Personal Growth

Prior to this past month, I knew absolutely nothing about Boy Scouts. I wasn’t “for” them or “against” them. I wasn’t a Scout as a child, and I’ve never had any reason to interact with them since then.

All that ended with a Cub Scout recruiting drive at my son’s school. They held a big meeting at the school, inviting all the first graders and their parents to come to learn more. Siblings, of course, were not invited, so I stayed home with the big guy’s little brother.

When my wife came home with our first grader, he was positively bouncing.

“Guess what Daddy,” he said. “I’m going to get to shoot guns and bows and arrows!”

Um, what?

“They have trips and they show you how to shoot! Isn’t that cool? There’s a pack meeting where we’re going to learn how!”

We explained that probably wasn’t going to happen in the near future, but he stayed strong in his enthusiasm. A few weeks later, I took him to the pack meeting. Sure enough, there were no archery (or riflery) lessons available. Instead, they reiterated the benefits of scouting. It turns out the Scouts are all about positive father-son time, character building, and having fun. Pretty cool, huh?

They also mentioned their fund-raising: selling popcorn. They were very excited because the locals get to keep 50% of the proceeds. I guess that’s a good thing.

A couple weeks later, my wife took our son to the first den meeting. She had to, because the den meetings are scheduled during working hours. I have to admit to a fair amount of grumbling over this. I guess the “father-son” time doesn’t include the den meetings. No worries, though. The big guy and I do a lot of things together.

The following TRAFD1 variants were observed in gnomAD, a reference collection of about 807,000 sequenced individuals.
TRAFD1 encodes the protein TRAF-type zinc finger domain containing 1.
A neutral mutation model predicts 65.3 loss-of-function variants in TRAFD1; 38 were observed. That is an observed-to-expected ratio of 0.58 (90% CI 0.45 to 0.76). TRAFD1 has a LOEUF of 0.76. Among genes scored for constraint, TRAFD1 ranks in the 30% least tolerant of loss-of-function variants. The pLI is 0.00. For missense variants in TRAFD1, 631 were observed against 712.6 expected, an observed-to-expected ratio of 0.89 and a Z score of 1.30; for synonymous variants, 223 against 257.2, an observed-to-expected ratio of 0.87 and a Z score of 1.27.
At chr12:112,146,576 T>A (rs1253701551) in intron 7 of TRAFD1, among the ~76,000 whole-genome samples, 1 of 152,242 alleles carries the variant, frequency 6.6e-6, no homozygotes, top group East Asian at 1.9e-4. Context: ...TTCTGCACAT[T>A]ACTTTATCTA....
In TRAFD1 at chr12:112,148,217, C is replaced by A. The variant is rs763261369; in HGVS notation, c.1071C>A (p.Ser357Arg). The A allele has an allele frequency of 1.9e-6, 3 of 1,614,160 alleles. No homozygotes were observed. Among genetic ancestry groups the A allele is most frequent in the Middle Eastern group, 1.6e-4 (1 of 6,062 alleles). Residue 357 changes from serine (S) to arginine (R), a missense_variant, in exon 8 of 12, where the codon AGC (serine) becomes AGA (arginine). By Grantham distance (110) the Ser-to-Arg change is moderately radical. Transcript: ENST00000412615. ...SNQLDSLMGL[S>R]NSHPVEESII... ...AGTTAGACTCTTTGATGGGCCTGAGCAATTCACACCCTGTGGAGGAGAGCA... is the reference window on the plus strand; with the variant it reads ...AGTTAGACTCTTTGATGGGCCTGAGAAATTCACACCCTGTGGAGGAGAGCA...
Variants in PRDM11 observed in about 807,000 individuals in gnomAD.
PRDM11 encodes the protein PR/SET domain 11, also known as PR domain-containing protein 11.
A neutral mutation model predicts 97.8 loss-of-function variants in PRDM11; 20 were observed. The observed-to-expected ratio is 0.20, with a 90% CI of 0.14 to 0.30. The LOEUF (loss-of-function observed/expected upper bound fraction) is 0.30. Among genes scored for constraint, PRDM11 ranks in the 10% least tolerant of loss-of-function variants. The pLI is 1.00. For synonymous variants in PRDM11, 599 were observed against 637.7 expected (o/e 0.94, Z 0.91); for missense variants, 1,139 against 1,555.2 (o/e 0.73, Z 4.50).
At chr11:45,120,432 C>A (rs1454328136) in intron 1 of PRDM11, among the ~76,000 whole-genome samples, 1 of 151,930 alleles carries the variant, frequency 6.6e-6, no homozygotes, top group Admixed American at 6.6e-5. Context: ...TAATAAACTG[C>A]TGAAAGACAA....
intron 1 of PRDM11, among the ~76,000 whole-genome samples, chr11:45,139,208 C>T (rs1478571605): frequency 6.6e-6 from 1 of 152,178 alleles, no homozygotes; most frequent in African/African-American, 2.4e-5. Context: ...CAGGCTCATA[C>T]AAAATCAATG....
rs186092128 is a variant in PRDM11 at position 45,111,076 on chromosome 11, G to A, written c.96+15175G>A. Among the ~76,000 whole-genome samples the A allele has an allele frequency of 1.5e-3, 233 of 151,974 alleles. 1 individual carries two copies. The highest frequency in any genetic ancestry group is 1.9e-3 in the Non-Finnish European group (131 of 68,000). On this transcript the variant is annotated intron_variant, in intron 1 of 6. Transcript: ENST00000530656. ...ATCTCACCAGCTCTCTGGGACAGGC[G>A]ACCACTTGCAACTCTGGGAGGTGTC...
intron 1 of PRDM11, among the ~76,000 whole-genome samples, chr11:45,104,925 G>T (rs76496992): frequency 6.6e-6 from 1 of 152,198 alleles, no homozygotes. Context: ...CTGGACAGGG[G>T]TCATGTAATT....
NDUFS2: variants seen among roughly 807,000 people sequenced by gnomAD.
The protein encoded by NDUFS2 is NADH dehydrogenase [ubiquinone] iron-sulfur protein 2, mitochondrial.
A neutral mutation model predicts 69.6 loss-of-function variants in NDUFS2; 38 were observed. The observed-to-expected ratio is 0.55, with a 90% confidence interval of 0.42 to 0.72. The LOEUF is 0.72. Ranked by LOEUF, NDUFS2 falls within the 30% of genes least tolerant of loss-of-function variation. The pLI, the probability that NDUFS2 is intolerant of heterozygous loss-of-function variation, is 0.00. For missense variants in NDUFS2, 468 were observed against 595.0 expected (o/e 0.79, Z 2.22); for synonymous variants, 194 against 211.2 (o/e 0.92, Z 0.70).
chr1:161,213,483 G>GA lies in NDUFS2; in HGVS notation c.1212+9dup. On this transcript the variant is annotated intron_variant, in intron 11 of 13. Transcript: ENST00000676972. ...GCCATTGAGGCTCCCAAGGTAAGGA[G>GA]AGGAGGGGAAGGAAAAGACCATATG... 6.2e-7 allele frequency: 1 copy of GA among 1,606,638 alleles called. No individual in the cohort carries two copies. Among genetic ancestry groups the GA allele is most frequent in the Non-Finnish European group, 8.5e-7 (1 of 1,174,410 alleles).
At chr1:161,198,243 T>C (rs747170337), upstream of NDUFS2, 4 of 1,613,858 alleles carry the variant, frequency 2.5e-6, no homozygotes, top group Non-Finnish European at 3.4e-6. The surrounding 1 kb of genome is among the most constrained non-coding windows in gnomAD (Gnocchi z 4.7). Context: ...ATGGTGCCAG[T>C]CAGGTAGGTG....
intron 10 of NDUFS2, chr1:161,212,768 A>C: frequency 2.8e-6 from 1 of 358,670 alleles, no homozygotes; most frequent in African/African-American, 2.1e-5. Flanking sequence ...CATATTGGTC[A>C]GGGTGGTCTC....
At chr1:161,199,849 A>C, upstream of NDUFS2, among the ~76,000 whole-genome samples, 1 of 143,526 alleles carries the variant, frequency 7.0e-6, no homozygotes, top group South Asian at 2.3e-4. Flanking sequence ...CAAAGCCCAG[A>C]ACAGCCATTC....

When they returned, I asked for the report. “So, how was it? Was it fun?”

“Well…” he said. “Not at first.”

“Oh?” I asked.

“What about once you started to play?” my wife asked.

“Oh yeah,” he said. “That was great!”

Apparently, part of the meeting was talking and the rest was playing. He loved the playing part.

“And you learned stuff too, right?” my wife asked.


“About building?” she prompted. “How do you grow?”

“Um,” he said. “Grow?”

“We talked about how you get bigger as a person, right? How do you grow?”

“Oh yeah,” he said. “By selling popcorn. Whoever sells the most popcorn wins, and if you sell enough, you could even win stuff!”

“Huh,” I said.

“No,” my wife corrected him. “What’s the Cub Scout motto?”

“Um,” he said.

“It’s do your best,” she said. “You’re supposed to always do your best, and that’s how you grow – as a person.”

He looked at her skeptically. “No,” he said. “I’m pretty sure it was about the popcorn.”

By the way, can anyone explain the point behind the kids doing fundraising for the scouts? I tried asking a couple of scout fathers and all I got were angry glares.

Here’s my (admittedly uninformed) point of view:  

I don’t see the benefit to having seven-year olds sell stuff. I mean, it might make sense if they connected the fund-raising to something. Like, if they said “sell enough popcorn and we can go camping,” that would teach some cause and effect, reinforce the idea of working toward your goals, and all that good stuff. Instead, it’s “sell enough popcorn, and you might win this toy.” I realize that approach is time-tested and wonderful, but it really bothers me. Why?